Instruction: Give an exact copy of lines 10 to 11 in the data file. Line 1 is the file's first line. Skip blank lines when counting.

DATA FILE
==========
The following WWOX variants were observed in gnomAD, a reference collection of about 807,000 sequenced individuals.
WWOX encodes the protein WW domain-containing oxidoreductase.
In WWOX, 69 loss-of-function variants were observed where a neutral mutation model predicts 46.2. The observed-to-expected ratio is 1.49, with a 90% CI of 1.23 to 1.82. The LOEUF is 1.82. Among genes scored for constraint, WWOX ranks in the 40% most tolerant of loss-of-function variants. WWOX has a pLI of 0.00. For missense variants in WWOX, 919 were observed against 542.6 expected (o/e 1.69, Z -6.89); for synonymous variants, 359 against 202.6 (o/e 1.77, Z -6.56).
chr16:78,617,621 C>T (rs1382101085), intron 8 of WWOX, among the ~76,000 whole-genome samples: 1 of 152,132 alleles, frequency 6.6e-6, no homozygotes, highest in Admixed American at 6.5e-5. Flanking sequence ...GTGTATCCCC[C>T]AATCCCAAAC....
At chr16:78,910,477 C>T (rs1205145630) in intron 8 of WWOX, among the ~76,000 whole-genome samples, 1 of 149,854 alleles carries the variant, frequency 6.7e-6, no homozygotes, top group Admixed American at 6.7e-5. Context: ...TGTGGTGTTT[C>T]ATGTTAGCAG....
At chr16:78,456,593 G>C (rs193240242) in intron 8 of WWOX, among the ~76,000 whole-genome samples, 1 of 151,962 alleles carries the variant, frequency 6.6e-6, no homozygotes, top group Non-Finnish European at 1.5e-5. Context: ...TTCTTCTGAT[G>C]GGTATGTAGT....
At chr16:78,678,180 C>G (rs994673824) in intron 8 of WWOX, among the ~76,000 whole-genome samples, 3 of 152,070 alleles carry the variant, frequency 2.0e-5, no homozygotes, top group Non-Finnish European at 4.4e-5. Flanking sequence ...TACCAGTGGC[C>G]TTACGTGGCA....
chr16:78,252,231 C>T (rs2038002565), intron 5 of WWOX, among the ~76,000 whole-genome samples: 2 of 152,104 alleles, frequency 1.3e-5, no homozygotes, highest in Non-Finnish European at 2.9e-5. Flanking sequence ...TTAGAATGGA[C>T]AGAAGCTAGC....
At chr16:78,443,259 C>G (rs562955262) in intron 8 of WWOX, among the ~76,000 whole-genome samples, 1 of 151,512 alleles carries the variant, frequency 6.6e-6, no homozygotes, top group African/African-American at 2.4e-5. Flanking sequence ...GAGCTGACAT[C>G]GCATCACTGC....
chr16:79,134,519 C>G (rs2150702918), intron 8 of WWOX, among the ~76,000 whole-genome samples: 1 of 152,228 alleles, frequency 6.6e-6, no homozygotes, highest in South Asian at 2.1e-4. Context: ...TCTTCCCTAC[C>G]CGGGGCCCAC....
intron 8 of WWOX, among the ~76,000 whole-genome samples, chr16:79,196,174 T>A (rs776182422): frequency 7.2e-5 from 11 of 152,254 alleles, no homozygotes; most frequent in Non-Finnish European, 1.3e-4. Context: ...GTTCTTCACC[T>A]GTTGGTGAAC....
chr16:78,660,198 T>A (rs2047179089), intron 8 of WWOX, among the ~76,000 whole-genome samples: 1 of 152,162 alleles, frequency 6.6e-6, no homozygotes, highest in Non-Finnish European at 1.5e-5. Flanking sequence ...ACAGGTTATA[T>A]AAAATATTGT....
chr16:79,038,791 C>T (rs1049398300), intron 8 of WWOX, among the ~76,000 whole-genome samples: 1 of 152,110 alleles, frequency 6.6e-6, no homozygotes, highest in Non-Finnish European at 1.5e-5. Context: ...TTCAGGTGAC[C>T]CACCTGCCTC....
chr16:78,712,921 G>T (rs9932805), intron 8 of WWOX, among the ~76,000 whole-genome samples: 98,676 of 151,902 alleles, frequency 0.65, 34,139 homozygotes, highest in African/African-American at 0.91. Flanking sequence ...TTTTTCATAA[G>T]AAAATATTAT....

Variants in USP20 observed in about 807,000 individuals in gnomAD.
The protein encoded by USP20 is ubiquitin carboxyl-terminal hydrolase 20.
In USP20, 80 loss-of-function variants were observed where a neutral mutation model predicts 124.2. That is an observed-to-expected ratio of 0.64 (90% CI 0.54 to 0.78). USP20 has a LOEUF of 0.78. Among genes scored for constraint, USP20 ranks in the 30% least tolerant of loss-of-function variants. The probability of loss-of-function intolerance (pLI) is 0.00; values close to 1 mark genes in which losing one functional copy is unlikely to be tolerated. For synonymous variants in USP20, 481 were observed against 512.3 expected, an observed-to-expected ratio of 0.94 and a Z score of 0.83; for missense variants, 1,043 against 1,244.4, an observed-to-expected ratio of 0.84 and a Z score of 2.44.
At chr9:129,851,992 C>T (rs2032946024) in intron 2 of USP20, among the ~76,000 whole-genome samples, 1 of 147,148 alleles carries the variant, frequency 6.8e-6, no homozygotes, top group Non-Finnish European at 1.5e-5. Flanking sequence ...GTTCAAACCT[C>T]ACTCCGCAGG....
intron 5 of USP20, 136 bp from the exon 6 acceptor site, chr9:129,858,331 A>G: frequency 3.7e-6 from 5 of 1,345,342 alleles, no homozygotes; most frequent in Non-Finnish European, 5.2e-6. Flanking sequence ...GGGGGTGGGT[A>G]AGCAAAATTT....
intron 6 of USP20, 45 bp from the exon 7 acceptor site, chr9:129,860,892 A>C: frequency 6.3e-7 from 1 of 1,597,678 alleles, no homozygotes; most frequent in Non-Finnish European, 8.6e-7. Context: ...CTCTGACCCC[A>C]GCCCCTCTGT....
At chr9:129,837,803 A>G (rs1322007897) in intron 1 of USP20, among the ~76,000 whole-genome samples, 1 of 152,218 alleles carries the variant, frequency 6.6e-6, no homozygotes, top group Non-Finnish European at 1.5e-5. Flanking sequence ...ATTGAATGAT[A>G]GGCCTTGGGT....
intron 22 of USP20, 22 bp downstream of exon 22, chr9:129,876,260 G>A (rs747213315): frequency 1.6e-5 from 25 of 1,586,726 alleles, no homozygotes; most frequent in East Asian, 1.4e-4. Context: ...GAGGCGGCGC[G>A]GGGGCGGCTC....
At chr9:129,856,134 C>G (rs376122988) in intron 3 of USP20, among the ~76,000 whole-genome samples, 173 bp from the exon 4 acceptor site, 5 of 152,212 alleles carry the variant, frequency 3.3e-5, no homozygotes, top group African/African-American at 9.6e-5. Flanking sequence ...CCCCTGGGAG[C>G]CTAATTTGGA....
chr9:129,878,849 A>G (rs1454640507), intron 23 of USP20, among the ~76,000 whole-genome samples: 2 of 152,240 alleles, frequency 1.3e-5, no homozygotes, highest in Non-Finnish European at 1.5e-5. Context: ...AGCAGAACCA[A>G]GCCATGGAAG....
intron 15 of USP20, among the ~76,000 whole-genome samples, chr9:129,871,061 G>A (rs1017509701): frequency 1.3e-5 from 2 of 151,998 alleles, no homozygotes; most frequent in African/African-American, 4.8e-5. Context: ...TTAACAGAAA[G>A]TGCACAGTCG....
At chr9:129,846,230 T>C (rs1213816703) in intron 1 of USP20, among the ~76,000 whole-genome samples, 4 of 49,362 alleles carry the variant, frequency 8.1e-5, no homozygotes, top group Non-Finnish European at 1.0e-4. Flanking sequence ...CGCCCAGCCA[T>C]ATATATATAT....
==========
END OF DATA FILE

chr16:79,134,519 C>G (rs2150702918), intron 8 of WWOX, among the ~76,000 whole-genome samples: 1 of 152,228 alleles, frequency 6.6e-6, no homozygotes, highest in South Asian at 2.1e-4. Context: ...TCTTCCCTAC[C>G]CGGGGCCCAC....
intron 8 of WWOX, among the ~76,000 whole-genome samples, chr16:79,196,174 T>A (rs776182422): frequency 7.2e-5 from 11 of 152,254 alleles, no homozygotes; most frequent in Non-Finnish European, 1.3e-4. Context: ...GTTCTTCACC[T>A]GTTGGTGAAC....